On May 21, 2010, CMS issued a new transmittal clarifying the interpretive guidelines for the hospital conditions of participation for anesthesia services. The transmittal serves to revise Appendix A “Survey Protocol, Regulations and Interpretive Guidelines for Hospitals”.
Consistent with the CMS December 11, 2009 memorandum, the transmittal confirms that “The administration of medication via an epidural or spinal route for the purposes of analgesia, during labor and delivery, is not considered anesthesia and therefore is not subject to the anesthesia supervision requirements at 42 CFR 482.52(a)”. CRNAs providing “anesthesia” as opposed to “analgesia” require physician supervision unless such services are provided in an “Opt-Out State.” (Note: Since the issuance of the 2001 CMS regulation permitting opt-outs, 15 states have formally opted-out). In particular, a CRNA administering general, regional and monitored anesthesia care must be supervised either by the operating practitioner who is performing the procedure, or by an anesthesiologist who is immediately available. According to the transmittal, “immediately available” requires that the anesthesiologist is physically located within the same area as the CRNA “e.g., in the same operative/procedural suite, or in the same labor and delivery unit, and not otherwise occupied in a way that prevents him/her from immediately conducting hands-on intervention, if needed.”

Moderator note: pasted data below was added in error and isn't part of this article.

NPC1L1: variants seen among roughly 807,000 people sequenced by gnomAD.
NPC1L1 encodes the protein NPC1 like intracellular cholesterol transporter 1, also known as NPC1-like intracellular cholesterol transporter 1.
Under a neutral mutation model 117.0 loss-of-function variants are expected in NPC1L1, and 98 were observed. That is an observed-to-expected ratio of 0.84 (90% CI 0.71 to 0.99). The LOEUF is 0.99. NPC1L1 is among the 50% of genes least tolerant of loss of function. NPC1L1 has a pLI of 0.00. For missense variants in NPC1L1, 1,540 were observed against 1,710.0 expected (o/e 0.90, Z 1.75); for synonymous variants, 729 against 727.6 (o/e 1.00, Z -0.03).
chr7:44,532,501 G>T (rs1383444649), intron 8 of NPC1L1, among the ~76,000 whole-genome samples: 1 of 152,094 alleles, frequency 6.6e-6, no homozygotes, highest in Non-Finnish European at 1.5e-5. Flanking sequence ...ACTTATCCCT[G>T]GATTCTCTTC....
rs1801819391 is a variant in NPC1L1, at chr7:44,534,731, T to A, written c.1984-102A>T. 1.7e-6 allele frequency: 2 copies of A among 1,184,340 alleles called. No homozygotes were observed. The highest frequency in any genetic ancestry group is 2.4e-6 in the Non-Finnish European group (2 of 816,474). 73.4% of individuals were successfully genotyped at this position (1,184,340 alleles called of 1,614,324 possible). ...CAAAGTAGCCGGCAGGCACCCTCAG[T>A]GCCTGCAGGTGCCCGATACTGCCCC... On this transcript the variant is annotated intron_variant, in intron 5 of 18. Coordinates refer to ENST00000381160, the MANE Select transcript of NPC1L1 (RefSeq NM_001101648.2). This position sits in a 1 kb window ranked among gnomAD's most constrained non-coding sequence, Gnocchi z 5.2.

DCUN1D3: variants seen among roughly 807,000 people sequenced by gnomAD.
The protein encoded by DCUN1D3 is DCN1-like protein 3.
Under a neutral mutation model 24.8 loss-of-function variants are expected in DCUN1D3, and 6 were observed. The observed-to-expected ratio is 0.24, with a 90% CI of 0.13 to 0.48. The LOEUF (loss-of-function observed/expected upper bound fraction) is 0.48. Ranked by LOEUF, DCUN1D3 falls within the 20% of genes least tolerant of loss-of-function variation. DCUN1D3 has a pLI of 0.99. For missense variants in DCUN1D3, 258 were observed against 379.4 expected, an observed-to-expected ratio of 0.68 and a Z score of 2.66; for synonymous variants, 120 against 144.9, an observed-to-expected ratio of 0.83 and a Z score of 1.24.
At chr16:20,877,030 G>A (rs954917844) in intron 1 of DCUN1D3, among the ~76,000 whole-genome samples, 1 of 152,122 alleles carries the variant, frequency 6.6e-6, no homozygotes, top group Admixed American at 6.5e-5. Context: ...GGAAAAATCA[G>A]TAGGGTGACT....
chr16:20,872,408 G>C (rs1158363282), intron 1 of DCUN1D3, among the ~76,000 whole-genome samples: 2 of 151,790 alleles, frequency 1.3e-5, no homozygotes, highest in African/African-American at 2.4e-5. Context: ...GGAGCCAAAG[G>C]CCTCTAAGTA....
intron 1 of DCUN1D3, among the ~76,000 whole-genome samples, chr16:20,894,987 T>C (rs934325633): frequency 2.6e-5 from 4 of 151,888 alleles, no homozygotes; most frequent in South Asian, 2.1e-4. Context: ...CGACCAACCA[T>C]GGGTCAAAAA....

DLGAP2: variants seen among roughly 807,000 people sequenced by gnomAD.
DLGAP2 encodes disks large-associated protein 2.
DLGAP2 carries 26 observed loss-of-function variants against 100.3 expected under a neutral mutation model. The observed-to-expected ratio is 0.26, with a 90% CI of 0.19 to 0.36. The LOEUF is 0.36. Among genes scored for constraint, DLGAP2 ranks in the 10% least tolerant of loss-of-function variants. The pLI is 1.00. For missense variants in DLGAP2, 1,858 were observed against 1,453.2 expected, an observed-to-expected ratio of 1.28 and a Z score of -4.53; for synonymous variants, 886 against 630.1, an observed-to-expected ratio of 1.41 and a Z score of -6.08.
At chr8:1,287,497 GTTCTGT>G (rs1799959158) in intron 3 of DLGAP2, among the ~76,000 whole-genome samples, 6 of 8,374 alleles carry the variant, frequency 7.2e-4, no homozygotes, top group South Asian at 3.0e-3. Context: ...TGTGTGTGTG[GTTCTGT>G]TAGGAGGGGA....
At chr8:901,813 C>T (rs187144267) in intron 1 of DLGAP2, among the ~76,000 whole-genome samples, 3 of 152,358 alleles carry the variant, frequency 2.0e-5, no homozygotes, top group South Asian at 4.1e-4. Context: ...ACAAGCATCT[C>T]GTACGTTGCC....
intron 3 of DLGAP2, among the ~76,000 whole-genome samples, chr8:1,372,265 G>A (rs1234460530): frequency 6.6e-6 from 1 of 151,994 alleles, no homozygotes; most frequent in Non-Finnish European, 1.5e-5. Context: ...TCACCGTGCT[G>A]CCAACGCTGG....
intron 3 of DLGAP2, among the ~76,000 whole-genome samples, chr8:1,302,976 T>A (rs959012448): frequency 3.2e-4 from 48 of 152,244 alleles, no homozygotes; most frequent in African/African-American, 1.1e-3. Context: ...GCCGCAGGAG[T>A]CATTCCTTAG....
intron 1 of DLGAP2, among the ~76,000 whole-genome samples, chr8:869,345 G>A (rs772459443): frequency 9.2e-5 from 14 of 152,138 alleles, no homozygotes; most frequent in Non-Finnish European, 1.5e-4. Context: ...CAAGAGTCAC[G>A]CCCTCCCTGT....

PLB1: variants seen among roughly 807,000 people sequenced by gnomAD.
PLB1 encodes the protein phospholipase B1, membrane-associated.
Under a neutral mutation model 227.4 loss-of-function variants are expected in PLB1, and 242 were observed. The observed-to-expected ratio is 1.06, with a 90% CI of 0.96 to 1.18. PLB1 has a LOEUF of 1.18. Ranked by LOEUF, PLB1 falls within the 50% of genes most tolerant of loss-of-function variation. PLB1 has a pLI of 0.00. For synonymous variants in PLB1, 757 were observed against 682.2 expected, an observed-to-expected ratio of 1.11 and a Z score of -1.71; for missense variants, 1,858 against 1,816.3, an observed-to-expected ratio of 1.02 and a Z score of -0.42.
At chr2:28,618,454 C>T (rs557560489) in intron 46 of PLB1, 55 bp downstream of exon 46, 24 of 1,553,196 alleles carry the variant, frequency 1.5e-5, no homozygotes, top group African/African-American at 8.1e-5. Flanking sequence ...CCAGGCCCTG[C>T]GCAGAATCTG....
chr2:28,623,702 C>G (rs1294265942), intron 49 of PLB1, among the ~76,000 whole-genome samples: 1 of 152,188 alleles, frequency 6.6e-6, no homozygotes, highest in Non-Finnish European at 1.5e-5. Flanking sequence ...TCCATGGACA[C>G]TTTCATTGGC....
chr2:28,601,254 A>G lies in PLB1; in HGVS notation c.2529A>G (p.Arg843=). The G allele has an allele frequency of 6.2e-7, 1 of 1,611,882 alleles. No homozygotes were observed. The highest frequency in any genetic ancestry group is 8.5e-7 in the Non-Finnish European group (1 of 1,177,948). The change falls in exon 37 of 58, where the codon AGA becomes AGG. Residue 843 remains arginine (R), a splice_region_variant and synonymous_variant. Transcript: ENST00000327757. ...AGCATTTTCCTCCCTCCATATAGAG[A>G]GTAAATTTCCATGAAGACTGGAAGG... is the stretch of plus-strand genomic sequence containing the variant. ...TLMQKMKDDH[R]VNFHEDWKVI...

Notably, this transmittal changes earlier revisions with respect to the post-anesthesia evaluation. With respect to outpatient surgery, although the transmittal reflects that the post-anesthesia evaluation must be completed within 48 hours after surgery, the language requiring that the evaluation be completed prior to discharge has now been deleted.
For more information, please contact Abby Pendleton, Esq. or Carey F. Kalmowitz, Esq. at (248) 996-8510.